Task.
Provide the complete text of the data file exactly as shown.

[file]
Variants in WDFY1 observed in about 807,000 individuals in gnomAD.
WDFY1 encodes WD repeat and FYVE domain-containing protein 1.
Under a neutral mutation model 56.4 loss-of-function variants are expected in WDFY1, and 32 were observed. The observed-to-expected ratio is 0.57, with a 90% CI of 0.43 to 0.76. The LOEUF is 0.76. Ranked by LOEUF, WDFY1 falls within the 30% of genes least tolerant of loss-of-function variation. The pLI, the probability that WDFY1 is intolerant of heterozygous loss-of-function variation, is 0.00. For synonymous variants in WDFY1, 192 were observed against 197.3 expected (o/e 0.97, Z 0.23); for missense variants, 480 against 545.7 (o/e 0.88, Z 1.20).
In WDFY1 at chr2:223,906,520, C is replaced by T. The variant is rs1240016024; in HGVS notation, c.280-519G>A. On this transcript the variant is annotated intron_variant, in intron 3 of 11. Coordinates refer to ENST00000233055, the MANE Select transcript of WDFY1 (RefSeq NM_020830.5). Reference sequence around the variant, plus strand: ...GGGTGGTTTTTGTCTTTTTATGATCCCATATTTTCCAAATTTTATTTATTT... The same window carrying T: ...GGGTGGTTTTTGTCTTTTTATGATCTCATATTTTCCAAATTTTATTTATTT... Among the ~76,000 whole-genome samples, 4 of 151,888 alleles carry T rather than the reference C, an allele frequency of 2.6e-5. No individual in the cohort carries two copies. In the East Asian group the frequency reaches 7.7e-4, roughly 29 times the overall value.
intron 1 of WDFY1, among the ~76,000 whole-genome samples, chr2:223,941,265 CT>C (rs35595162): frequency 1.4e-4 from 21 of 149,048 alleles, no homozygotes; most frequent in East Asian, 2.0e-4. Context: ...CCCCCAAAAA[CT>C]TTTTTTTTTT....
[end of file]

Variants in WDFY1 observed in about 807,000 individuals in gnomAD.
WDFY1 encodes WD repeat and FYVE domain-containing protein 1.
Under a neutral mutation model 56.4 loss-of-function variants are expected in WDFY1, and 32 were observed. The observed-to-expected ratio is 0.57, with a 90% CI of 0.43 to 0.76. The LOEUF is 0.76. Ranked by LOEUF, WDFY1 falls within the 30% of genes least tolerant of loss-of-function variation. The pLI, the probability that WDFY1 is intolerant of heterozygous loss-of-function variation, is 0.00. For synonymous variants in WDFY1, 192 were observed against 197.3 expected (o/e 0.97, Z 0.23); for missense variants, 480 against 545.7 (o/e 0.88, Z 1.20).
In WDFY1 at chr2:223,906,520, C is replaced by T. The variant is rs1240016024; in HGVS notation, c.280-519G>A. On this transcript the variant is annotated intron_variant, in intron 3 of 11. Coordinates refer to ENST00000233055, the MANE Select transcript of WDFY1 (RefSeq NM_020830.5). Reference sequence around the variant, plus strand: ...GGGTGGTTTTTGTCTTTTTATGATCCCATATTTTCCAAATTTTATTTATTT... The same window carrying T: ...GGGTGGTTTTTGTCTTTTTATGATCTCATATTTTCCAAATTTTATTTATTT... Among the ~76,000 whole-genome samples, 4 of 151,888 alleles carry T rather than the reference C, an allele frequency of 2.6e-5. No individual in the cohort carries two copies. In the East Asian group the frequency reaches 7.7e-4, roughly 29 times the overall value.
intron 1 of WDFY1, among the ~76,000 whole-genome samples, chr2:223,941,265 CT>C (rs35595162): frequency 1.4e-4 from 21 of 149,048 alleles, no homozygotes; most frequent in East Asian, 2.0e-4. Context: ...CCCCCAAAAA[CT>C]TTTTTTTTTT....